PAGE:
Following Mumbai’s terror attacks, the chief concern plaguing investors, managers and business owners was this: Can the attacks derail India’s impressive growth story? Fact is, the attacks come at a time when the economy isn’t in shipshape due to the global credit crisis.
The government is grappling with not just a scarcity of liquidity, but also an increasing risk of delinquencies among individuals and corporates. Moreover, it has had to now divert its attention from the economy to issues of national security. Problem is, with the absence of a well-crafted monetary and fiscal stimulus plan, India runs the risk of plunging deeper into an economic abyss.
Substantial amounts of foreign money that went into the Indian market over the past several years have already been pulled out— FIIs have yanked back $12.5 billion from the Indian market this year, pulling down the Sensex by over 50 per cent. This trend is going to increase, says Jake Stratton, Head (Global Risk Analysis), Control Risks, a consultancy firm. “The attack was unprecedented in terms of international exposure it got.
We have got hundreds of queries from MNCs about the security condition in India. They have many of their people on ground here. There is a short-term shock”. More damagingly, foreign investments in capital expenditure, expansion programmes, and in setting up Indian outposts are expected to slow down.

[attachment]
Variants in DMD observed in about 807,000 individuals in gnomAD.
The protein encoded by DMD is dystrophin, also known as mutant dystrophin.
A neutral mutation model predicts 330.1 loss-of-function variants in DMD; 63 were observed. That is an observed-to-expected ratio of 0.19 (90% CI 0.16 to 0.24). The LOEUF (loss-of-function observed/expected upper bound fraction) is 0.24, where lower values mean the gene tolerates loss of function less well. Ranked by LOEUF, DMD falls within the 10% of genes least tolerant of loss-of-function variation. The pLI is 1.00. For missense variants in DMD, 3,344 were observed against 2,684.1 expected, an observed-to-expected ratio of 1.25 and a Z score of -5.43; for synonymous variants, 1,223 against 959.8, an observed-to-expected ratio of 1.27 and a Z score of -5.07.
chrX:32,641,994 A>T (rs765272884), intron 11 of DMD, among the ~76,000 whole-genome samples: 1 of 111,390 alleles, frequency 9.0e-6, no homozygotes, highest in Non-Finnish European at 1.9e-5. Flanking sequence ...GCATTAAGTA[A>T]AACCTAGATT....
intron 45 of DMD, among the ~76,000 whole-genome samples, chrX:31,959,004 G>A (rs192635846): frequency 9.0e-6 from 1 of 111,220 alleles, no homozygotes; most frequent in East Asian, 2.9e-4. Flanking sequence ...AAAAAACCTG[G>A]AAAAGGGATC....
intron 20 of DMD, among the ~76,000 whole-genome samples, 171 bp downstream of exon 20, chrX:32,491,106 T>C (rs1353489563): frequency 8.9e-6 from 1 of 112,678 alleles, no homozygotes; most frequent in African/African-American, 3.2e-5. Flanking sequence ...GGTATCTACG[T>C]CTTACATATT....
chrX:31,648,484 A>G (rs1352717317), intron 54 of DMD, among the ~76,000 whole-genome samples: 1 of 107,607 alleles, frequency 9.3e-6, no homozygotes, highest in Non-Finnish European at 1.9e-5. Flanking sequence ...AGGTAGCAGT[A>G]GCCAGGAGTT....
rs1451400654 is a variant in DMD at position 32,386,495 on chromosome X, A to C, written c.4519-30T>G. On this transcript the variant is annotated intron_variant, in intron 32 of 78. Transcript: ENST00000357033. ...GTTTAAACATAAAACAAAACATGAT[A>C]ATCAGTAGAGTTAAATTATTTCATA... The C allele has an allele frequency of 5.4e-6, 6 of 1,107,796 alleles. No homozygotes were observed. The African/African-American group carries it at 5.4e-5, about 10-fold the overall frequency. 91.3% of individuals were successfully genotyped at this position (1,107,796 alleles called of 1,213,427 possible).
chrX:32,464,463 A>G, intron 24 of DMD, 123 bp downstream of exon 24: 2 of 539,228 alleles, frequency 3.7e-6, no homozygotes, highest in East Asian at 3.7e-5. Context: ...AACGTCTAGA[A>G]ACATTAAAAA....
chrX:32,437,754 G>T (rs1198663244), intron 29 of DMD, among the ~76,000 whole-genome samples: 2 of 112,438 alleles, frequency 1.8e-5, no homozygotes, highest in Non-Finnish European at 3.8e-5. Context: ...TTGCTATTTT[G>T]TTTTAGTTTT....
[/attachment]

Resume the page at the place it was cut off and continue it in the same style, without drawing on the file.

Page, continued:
To compound the country’s economic woes, India’s trade with other countries could also be affected because of the terror attacks. Exports, which have already dropped 12 per cent in the month of October, could take a further dive. Exporters are claiming that their order books have been significantly hit after the recent terror attacks on Mumbai. Says G.K. Gupta, President, Federation of Indian Export Organisations (FIEO): “A lot of buyers, concerned about the security situation in India, have cancelled their trips to the country. This has meant that exporters, particularly the medium and small units, have seen orders drying up. Our loss is now the gain of countries like China and Vietnam as orders are being diverted to them.” According to FIEO, export targets of $200 billion are unlikely to be met. The worst hit are labour-intensive industries like textiles, handicraft and gems and jewellery, which could see substantial job losses as well.